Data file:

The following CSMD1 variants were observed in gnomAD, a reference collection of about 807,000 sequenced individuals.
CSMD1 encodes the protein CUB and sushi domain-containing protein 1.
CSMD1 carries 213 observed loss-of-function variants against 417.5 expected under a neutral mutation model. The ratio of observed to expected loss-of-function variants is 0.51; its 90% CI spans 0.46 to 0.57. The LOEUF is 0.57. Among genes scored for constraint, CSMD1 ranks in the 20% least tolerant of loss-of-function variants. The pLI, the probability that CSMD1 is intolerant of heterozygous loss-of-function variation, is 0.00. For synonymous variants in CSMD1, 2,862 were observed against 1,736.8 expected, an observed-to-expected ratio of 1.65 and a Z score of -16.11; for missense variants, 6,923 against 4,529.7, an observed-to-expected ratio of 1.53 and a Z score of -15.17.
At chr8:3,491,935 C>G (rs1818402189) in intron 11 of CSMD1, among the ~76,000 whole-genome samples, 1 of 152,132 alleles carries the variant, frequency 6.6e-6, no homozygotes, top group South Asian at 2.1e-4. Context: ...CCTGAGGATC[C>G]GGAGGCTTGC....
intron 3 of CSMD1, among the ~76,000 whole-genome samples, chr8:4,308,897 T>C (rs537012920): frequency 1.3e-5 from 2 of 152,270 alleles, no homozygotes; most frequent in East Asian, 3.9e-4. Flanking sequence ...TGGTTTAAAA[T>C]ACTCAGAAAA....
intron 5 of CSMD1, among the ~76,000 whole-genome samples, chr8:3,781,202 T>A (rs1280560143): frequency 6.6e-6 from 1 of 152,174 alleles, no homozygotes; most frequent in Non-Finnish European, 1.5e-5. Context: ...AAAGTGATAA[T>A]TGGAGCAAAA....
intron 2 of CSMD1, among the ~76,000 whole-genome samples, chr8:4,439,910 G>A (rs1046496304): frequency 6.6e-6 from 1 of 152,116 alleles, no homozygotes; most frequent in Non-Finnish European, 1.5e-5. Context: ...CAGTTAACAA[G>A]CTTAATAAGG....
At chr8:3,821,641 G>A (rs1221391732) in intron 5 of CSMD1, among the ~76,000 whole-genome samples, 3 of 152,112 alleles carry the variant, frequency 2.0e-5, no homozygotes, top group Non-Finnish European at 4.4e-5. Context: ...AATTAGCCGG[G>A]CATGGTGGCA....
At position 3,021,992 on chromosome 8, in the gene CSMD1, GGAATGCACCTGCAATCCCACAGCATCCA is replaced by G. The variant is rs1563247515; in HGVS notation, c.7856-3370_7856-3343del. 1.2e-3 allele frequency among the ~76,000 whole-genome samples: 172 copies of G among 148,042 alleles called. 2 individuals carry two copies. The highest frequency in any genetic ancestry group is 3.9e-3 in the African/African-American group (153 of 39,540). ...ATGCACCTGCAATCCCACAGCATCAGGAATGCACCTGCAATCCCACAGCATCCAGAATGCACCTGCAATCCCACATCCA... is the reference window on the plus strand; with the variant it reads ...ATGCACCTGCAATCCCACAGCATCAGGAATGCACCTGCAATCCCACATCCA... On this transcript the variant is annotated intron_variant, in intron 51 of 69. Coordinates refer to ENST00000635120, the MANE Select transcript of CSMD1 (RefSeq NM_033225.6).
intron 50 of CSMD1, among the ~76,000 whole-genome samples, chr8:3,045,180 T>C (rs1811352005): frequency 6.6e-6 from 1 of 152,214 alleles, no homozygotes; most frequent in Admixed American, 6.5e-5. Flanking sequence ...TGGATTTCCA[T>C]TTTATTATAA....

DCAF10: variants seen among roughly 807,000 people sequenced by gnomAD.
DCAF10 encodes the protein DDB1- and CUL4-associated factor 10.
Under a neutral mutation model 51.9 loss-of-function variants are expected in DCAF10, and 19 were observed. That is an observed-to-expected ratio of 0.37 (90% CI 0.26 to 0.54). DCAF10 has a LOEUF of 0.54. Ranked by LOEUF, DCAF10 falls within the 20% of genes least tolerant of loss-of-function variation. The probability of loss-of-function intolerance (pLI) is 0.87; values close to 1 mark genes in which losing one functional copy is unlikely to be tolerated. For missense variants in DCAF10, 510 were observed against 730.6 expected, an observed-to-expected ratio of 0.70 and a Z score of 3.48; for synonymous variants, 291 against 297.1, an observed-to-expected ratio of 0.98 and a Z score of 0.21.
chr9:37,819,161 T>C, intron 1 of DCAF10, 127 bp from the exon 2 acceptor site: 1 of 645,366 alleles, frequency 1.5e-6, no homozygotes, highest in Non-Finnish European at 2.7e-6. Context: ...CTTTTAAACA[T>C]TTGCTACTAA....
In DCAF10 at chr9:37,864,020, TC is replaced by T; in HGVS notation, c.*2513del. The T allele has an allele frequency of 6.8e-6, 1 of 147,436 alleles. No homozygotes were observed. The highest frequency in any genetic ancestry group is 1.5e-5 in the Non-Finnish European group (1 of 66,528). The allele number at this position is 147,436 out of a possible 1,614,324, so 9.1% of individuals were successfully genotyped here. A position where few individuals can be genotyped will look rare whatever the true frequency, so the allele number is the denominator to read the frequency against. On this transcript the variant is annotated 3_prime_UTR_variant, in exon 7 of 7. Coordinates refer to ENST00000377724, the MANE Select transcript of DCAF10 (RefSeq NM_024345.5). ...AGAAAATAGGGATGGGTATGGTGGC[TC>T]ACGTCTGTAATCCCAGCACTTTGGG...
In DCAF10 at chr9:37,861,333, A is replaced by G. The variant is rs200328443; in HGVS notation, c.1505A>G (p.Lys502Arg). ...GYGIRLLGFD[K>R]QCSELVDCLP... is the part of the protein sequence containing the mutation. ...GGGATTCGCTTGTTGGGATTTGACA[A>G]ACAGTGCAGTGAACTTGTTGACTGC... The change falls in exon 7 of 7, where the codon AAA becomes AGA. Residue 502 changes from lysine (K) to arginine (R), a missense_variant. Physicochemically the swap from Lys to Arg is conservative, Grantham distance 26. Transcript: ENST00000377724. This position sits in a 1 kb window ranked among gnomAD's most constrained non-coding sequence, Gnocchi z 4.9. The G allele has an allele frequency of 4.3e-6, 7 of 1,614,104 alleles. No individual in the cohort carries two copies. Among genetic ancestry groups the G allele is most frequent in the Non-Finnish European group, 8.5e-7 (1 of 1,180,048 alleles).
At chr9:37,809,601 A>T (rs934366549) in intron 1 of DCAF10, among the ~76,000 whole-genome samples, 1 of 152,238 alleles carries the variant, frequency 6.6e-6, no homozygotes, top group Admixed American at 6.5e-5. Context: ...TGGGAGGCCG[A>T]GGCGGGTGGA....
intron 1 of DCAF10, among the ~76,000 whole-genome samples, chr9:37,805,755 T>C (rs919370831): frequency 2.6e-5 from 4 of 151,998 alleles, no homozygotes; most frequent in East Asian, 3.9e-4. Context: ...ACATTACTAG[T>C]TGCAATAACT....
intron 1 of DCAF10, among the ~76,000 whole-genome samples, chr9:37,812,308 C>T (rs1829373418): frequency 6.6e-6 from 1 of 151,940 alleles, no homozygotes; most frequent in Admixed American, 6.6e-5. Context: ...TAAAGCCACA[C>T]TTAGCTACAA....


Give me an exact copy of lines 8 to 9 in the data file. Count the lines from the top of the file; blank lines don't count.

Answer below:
At chr8:3,821,641 G>A (rs1221391732) in intron 5 of CSMD1, among the ~76,000 whole-genome samples, 3 of 152,112 alleles carry the variant, frequency 2.0e-5, no homozygotes, top group Non-Finnish European at 4.4e-5. Context: ...AATTAGCCGG[G>A]CATGGTGGCA....
At position 3,021,992 on chromosome 8, in the gene CSMD1, GGAATGCACCTGCAATCCCACAGCATCCA is replaced by G. The variant is rs1563247515; in HGVS notation, c.7856-3370_7856-3343del. 1.2e-3 allele frequency among the ~76,000 whole-genome samples: 172 copies of G among 148,042 alleles called. 2 individuals carry two copies. The highest frequency in any genetic ancestry group is 3.9e-3 in the African/African-American group (153 of 39,540). ...ATGCACCTGCAATCCCACAGCATCAGGAATGCACCTGCAATCCCACAGCATCCAGAATGCACCTGCAATCCCACATCCA... is the reference window on the plus strand; with the variant it reads ...ATGCACCTGCAATCCCACAGCATCAGGAATGCACCTGCAATCCCACATCCA... On this transcript the variant is annotated intron_variant, in intron 51 of 69. Coordinates refer to ENST00000635120, the MANE Select transcript of CSMD1 (RefSeq NM_033225.6).